For people who collected unemployment insurance during the pandemic in 2020, the IRS has been sending federal refunds if they paid taxes on that money. This is because the American Rescue Plan added that the first $10,200 of unemployment benefits ($20,400 for married couples filing jointly) received in 2020 isn’t taxable income. Now, roughly 13 million taxpayers who paid income tax on that money before the change in the law could now get that money back.
The amount each person receives won’t be the same, but it could be sizable. (The money could be automatically applied to outstanding balances if you owe taxes or other debts.) The first round of refunds started going out in late May to single people without dependents, with the second round expected sometime in mid-June. Married couples and taxpayers with dependents should expect to see their IRS money later this summer.
We’ll tell you how you can check the status of your refund online, if you’re owed one. As for other unemployment news, half of US states have slashed the $300 weekly bonus payments and some are offering return-to-work bonuses. If you’re a parent expecting your first child tax credit payment on July 15, calculate how much you could get for your family and three ways to find out whether you qualify, including a new IRS letter about your child tax credit payments. We will update this story as we get more information.
Important info about unemployment tax break and refunds
The IRS already started sending refunds to taxpayers who received jobless benefits last year and paid taxes on the money. After some frustration with delays in the rollout, many single filers began seeing deposits in their checking accounts starting May 28, with 2.8 million refunds going out the first week of June. The IRS said the next set of refunds will go out in mid-June.
Here’s what to know:
- The tax break is for those who earned less than $150,000 in adjusted gross income.
- The $10,200 is the amount of income exclusion for single filers, not the amount of the refund. The amount of the refund will vary per person depending on overall income, tax bracket and how much earnings came from unemployment benefits.
- Not everyone will receive a refund. The IRS can seize the refund to cover a past-due debt, such as unpaid federal or state taxes and child support.
- Refunds started going out in May and will go out in batches through the summer as the agency evaluates tax returns. More complicated returns could take longer to process.
- The IRS is doing the recalculations in two phases, starting with single filers who are eligible for the up to $10,200 tax break. It will then adjust returns for those married-filing-jointly taxpayers who are eligible for the up to $20,400 tax break.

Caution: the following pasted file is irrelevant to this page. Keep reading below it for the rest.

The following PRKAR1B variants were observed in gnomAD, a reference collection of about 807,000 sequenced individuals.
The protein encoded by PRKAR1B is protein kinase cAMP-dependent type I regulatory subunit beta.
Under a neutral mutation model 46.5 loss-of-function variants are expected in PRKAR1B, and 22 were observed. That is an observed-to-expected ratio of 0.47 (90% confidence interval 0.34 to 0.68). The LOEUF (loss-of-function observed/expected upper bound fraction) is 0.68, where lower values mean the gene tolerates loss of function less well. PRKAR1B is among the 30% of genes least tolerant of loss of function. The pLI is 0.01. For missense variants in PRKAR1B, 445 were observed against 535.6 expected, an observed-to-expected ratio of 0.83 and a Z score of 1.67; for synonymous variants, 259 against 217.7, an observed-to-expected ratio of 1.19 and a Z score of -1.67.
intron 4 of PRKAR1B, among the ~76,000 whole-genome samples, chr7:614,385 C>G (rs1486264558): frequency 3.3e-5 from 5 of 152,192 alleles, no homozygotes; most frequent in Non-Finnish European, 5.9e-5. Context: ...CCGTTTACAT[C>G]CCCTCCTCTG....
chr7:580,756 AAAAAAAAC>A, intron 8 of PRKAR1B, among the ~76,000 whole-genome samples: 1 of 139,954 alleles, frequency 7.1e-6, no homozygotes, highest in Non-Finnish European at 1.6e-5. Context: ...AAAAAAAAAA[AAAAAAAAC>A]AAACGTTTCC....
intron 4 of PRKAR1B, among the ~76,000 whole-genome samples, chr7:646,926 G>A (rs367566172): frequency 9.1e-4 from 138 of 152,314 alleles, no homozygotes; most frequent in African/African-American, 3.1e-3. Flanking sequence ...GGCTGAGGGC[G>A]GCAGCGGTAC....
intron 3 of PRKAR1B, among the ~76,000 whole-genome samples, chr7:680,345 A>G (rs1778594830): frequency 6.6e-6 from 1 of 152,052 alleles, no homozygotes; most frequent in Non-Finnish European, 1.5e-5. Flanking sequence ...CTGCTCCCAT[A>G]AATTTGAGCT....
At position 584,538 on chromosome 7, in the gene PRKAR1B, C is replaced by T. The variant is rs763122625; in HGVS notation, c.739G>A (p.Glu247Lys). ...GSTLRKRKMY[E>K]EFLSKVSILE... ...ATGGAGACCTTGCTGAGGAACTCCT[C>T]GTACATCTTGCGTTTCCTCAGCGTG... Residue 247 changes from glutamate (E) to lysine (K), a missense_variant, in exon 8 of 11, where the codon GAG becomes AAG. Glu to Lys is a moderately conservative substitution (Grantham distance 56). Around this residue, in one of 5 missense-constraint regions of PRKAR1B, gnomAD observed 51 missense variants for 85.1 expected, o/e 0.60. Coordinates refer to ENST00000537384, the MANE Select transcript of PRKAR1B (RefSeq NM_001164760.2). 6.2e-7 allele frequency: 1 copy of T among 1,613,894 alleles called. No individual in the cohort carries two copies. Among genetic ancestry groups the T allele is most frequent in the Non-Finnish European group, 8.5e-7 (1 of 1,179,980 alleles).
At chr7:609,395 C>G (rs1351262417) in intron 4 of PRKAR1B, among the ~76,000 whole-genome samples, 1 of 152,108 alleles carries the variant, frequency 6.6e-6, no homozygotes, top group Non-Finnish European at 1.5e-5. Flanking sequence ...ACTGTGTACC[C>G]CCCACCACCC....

- If the IRS determines you are owed a refund on the unemployment tax break, it will automatically send a check.
- You don’t need to file an amended return to claim the exemption. (Here’s how to track your tax return status and refund online.) Some who used tax software such as TurboTax said they have seen their refund amount change due to the unemployment refund, although they have yet to see a check.
- Refunds will go out as a direct deposit if you provided bank account information on your 2020 tax return. Otherwise, the refund will be mailed as a paper check to the address the IRS has on hand.
- The IRS will send you a notice explaining the corrections within 30 days of when a correction is made.
How to check your payment status if you’re getting an unemployment tax refund
The IRS says eligible individuals should’ve received Form 1099-G from their state unemployment agency showing in Box 1 the total unemployment compensation paid in 2020 (if you didn’t you should request one online). Some states may issue separate forms depending on the jobless benefits — for example, if you received federal pandemic unemployment assistance (PUA).
The IRS online applications, like the Where’s My Refund tool and the Amended Return Status tool, will not likely provide information on the status of your unemployment tax refund. The IRS also says not to call the agency.
As far as we know, the easiest way to find out when the IRS processed your refund (and for how much) is by viewing your tax transcript. Here’s how to find it:
1. Visit IRS.gov and log into your account. If you haven’t opened an account with the IRS, this will take some time as you’ll have to take multiple steps to confirm your identity.
2. Once logged into your account, you’ll see the Account Home page. Click View Tax Records.
3. On the next page, click the Get Transcript button.
4. Here you’ll see a drop-down menu asking the reason you need a transcript. Select Federal Tax and leave the Customer File Number field empty. Click the Go button.
5. The following page will show your Return Transcript, Records of Account Transcript, Account Transcript and Wage & Income Transcript for the last four years. You’ll want the 2020 Account Transcript.
6. This will open a PDF of your transcript: Focus on the Transactions section. What you’re looking for is an entry listed as Refund issued, and it should have a date in late May or June.
If you don’t have that, it likely means the IRS hasn’t gotten to your return yet.
Unemployment tax refund details to be confirmed
The IRS has provided some information on its website about taxes and unemployment compensation. We’re still unclear as to how to contact the IRS if there’s a problem with your tax break refund. If a refund has been issued, you should expect a letter from the IRS within 30 days of the adjustment, which will tell you if it resulted in a refund or if it was used to offset debt.